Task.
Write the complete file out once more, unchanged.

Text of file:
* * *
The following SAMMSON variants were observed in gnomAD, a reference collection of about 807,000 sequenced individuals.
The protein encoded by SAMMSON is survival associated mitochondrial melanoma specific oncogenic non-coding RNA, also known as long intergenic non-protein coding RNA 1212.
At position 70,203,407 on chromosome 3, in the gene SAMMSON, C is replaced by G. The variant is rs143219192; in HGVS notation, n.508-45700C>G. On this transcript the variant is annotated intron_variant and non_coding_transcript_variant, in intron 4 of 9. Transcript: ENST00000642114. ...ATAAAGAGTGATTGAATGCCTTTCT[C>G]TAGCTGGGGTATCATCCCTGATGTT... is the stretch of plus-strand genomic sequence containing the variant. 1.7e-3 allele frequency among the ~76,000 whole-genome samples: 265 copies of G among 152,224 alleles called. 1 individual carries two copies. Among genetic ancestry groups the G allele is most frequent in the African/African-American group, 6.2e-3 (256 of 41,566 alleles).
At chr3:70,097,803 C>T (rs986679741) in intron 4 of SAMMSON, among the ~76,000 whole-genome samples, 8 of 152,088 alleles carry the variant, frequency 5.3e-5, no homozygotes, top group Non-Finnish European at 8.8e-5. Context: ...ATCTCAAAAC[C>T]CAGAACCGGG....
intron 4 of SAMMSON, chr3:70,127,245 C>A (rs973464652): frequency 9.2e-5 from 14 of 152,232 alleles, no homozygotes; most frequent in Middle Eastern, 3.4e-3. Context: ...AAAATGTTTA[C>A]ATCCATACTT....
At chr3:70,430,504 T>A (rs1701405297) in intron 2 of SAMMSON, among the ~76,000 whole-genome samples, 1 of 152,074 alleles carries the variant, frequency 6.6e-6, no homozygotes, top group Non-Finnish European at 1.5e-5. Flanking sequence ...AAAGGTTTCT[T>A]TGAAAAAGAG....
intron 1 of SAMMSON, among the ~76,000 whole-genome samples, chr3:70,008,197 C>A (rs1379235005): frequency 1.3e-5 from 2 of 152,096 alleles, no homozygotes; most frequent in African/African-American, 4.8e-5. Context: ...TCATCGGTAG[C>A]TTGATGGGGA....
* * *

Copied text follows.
The following SAMMSON variants were observed in gnomAD, a reference collection of about 807,000 sequenced individuals.
The protein encoded by SAMMSON is survival associated mitochondrial melanoma specific oncogenic non-coding RNA, also known as long intergenic non-protein coding RNA 1212.
At position 70,203,407 on chromosome 3, in the gene SAMMSON, C is replaced by G. The variant is rs143219192; in HGVS notation, n.508-45700C>G. On this transcript the variant is annotated intron_variant and non_coding_transcript_variant, in intron 4 of 9. Transcript: ENST00000642114. ...ATAAAGAGTGATTGAATGCCTTTCT[C>G]TAGCTGGGGTATCATCCCTGATGTT... is the stretch of plus-strand genomic sequence containing the variant. 1.7e-3 allele frequency among the ~76,000 whole-genome samples: 265 copies of G among 152,224 alleles called. 1 individual carries two copies. Among genetic ancestry groups the G allele is most frequent in the African/African-American group, 6.2e-3 (256 of 41,566 alleles).
At chr3:70,097,803 C>T (rs986679741) in intron 4 of SAMMSON, among the ~76,000 whole-genome samples, 8 of 152,088 alleles carry the variant, frequency 5.3e-5, no homozygotes, top group Non-Finnish European at 8.8e-5. Context: ...ATCTCAAAAC[C>T]CAGAACCGGG....
intron 4 of SAMMSON, chr3:70,127,245 C>A (rs973464652): frequency 9.2e-5 from 14 of 152,232 alleles, no homozygotes; most frequent in Middle Eastern, 3.4e-3. Context: ...AAAATGTTTA[C>A]ATCCATACTT....
At chr3:70,430,504 T>A (rs1701405297) in intron 2 of SAMMSON, among the ~76,000 whole-genome samples, 1 of 152,074 alleles carries the variant, frequency 6.6e-6, no homozygotes, top group Non-Finnish European at 1.5e-5. Flanking sequence ...AAAGGTTTCT[T>A]TGAAAAAGAG....
intron 1 of SAMMSON, among the ~76,000 whole-genome samples, chr3:70,008,197 C>A (rs1379235005): frequency 1.3e-5 from 2 of 152,096 alleles, no homozygotes; most frequent in African/African-American, 4.8e-5. Context: ...TCATCGGTAG[C>A]TTGATGGGGA....